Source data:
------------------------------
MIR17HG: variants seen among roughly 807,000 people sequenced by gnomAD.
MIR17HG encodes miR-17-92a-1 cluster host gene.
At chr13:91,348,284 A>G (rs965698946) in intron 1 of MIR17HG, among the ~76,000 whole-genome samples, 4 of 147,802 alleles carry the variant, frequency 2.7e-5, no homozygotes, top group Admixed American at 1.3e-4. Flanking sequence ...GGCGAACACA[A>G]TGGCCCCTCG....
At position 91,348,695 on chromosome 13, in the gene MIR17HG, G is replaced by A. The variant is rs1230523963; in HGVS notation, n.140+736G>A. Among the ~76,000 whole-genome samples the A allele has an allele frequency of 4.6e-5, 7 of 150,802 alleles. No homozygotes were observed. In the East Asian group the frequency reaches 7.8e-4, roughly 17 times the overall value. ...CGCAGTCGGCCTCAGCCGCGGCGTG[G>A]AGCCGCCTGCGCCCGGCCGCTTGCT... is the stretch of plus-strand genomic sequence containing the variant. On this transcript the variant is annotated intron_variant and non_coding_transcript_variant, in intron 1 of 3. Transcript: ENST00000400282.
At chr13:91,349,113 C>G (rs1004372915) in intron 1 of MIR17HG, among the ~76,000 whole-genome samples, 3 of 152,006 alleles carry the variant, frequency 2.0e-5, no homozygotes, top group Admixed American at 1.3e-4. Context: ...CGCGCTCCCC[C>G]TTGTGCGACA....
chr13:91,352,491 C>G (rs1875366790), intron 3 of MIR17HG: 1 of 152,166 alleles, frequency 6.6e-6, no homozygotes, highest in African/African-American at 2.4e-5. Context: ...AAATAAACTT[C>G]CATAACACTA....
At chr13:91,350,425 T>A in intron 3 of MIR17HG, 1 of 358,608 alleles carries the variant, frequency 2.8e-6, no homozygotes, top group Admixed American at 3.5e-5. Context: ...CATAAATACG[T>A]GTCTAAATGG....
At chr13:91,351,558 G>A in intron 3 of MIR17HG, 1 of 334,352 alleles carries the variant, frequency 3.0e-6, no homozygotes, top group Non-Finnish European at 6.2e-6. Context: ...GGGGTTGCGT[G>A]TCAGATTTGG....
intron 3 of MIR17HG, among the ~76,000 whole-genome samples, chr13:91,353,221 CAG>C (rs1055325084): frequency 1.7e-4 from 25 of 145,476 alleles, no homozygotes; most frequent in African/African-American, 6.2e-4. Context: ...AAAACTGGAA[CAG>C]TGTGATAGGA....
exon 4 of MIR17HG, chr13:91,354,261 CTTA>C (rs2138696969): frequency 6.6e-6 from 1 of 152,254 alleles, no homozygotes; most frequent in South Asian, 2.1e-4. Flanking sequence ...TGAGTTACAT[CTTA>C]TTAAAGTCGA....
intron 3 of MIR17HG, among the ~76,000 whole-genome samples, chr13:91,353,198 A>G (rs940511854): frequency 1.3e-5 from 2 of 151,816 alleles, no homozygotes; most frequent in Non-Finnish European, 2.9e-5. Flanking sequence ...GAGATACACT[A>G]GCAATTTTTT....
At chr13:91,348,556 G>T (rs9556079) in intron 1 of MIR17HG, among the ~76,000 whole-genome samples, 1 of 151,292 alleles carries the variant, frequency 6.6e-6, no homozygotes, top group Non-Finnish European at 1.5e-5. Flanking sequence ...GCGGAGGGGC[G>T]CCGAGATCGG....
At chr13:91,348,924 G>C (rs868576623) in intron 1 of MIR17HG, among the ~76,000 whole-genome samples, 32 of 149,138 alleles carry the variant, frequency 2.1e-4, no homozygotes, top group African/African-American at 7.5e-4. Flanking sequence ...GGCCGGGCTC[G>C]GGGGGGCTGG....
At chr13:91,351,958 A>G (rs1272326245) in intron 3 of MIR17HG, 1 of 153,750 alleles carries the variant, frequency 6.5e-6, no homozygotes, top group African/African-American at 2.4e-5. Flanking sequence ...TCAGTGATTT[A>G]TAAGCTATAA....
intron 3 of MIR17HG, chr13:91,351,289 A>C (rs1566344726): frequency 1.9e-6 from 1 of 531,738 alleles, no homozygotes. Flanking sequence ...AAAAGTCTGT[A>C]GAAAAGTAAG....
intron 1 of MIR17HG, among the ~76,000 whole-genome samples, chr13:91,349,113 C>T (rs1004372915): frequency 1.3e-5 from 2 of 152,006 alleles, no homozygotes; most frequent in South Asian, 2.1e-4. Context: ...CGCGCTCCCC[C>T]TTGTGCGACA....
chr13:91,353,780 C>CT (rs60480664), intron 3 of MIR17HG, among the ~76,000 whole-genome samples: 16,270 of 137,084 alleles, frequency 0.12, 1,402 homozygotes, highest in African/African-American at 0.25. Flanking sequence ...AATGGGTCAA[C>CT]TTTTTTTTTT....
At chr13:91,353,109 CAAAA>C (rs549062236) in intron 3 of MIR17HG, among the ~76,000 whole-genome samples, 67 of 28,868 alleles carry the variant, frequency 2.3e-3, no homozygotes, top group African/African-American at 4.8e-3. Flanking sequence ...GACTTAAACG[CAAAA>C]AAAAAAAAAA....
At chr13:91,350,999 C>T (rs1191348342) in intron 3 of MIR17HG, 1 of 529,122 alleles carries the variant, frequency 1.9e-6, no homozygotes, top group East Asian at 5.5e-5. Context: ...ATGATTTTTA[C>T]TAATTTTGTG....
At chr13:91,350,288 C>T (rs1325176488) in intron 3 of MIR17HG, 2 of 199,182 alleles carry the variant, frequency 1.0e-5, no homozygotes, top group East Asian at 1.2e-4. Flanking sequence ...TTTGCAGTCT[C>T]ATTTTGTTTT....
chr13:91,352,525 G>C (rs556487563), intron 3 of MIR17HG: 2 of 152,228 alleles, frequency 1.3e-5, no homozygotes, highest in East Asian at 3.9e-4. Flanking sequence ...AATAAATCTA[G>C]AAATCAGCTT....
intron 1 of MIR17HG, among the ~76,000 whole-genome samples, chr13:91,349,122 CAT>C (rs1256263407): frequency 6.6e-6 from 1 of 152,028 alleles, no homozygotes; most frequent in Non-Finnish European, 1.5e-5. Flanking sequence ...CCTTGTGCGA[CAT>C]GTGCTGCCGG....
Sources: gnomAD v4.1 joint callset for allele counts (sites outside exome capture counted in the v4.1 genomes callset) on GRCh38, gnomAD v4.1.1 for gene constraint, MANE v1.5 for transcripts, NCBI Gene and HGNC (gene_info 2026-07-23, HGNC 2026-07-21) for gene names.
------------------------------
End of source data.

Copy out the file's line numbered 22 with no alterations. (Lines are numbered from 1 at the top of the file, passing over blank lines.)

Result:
intron 1 of MIR17HG, among the ~76,000 whole-genome samples, chr13:91,349,122 CAT>C (rs1256263407): frequency 6.6e-6 from 1 of 152,028 alleles, no homozygotes; most frequent in Non-Finnish European, 1.5e-5. Flanking sequence ...CCTTGTGCGA[CAT>C]GTGCTGCCGG....